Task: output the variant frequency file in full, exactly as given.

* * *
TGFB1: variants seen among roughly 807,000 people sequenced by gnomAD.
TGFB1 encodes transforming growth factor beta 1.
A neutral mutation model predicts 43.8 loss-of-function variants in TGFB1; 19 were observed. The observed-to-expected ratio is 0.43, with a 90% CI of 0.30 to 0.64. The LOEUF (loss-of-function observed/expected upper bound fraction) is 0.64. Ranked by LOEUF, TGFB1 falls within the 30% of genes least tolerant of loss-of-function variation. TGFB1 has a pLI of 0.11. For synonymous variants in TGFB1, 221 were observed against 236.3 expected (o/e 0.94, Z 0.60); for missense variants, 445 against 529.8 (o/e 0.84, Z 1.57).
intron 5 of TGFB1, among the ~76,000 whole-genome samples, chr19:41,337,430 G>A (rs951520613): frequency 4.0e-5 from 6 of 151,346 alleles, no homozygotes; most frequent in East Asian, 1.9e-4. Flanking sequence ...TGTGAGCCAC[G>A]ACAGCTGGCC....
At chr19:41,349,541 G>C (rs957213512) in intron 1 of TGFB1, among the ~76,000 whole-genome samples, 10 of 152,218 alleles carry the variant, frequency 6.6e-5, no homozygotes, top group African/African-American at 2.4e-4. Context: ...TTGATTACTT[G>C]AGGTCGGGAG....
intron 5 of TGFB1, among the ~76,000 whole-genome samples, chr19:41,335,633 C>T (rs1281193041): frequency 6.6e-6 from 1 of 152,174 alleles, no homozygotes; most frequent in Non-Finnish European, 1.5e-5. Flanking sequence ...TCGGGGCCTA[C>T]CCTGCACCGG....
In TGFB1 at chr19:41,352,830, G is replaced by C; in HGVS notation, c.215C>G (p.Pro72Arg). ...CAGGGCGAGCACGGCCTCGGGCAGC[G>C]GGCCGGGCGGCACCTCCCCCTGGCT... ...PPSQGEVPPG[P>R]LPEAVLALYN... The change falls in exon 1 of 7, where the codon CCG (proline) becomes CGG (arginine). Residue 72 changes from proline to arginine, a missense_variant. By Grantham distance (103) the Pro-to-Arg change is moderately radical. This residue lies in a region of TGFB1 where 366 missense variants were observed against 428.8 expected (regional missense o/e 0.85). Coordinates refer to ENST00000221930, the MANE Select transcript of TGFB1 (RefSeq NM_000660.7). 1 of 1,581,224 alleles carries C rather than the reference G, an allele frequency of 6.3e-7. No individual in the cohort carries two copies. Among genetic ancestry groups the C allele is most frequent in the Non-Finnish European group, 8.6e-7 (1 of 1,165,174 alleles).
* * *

TGFB1: variants seen among roughly 807,000 people sequenced by gnomAD.
TGFB1 encodes transforming growth factor beta 1.
A neutral mutation model predicts 43.8 loss-of-function variants in TGFB1; 19 were observed. The observed-to-expected ratio is 0.43, with a 90% CI of 0.30 to 0.64. The LOEUF (loss-of-function observed/expected upper bound fraction) is 0.64. Ranked by LOEUF, TGFB1 falls within the 30% of genes least tolerant of loss-of-function variation. TGFB1 has a pLI of 0.11. For synonymous variants in TGFB1, 221 were observed against 236.3 expected (o/e 0.94, Z 0.60); for missense variants, 445 against 529.8 (o/e 0.84, Z 1.57).
intron 5 of TGFB1, among the ~76,000 whole-genome samples, chr19:41,337,430 G>A (rs951520613): frequency 4.0e-5 from 6 of 151,346 alleles, no homozygotes; most frequent in East Asian, 1.9e-4. Flanking sequence ...TGTGAGCCAC[G>A]ACAGCTGGCC....
At chr19:41,349,541 G>C (rs957213512) in intron 1 of TGFB1, among the ~76,000 whole-genome samples, 10 of 152,218 alleles carry the variant, frequency 6.6e-5, no homozygotes, top group African/African-American at 2.4e-4. Context: ...TTGATTACTT[G>C]AGGTCGGGAG....
intron 5 of TGFB1, among the ~76,000 whole-genome samples, chr19:41,335,633 C>T (rs1281193041): frequency 6.6e-6 from 1 of 152,174 alleles, no homozygotes; most frequent in Non-Finnish European, 1.5e-5. Flanking sequence ...TCGGGGCCTA[C>T]CCTGCACCGG....
In TGFB1 at chr19:41,352,830, G is replaced by C; in HGVS notation, c.215C>G (p.Pro72Arg). ...CAGGGCGAGCACGGCCTCGGGCAGC[G>C]GGCCGGGCGGCACCTCCCCCTGGCT... ...PPSQGEVPPG[P>R]LPEAVLALYN... The change falls in exon 1 of 7, where the codon CCG (proline) becomes CGG (arginine). Residue 72 changes from proline to arginine, a missense_variant. By Grantham distance (103) the Pro-to-Arg change is moderately radical. This residue lies in a region of TGFB1 where 366 missense variants were observed against 428.8 expected (regional missense o/e 0.85). Coordinates refer to ENST00000221930, the MANE Select transcript of TGFB1 (RefSeq NM_000660.7). 1 of 1,581,224 alleles carries C rather than the reference G, an allele frequency of 6.3e-7. No individual in the cohort carries two copies. Among genetic ancestry groups the C allele is most frequent in the Non-Finnish European group, 8.6e-7 (1 of 1,165,174 alleles).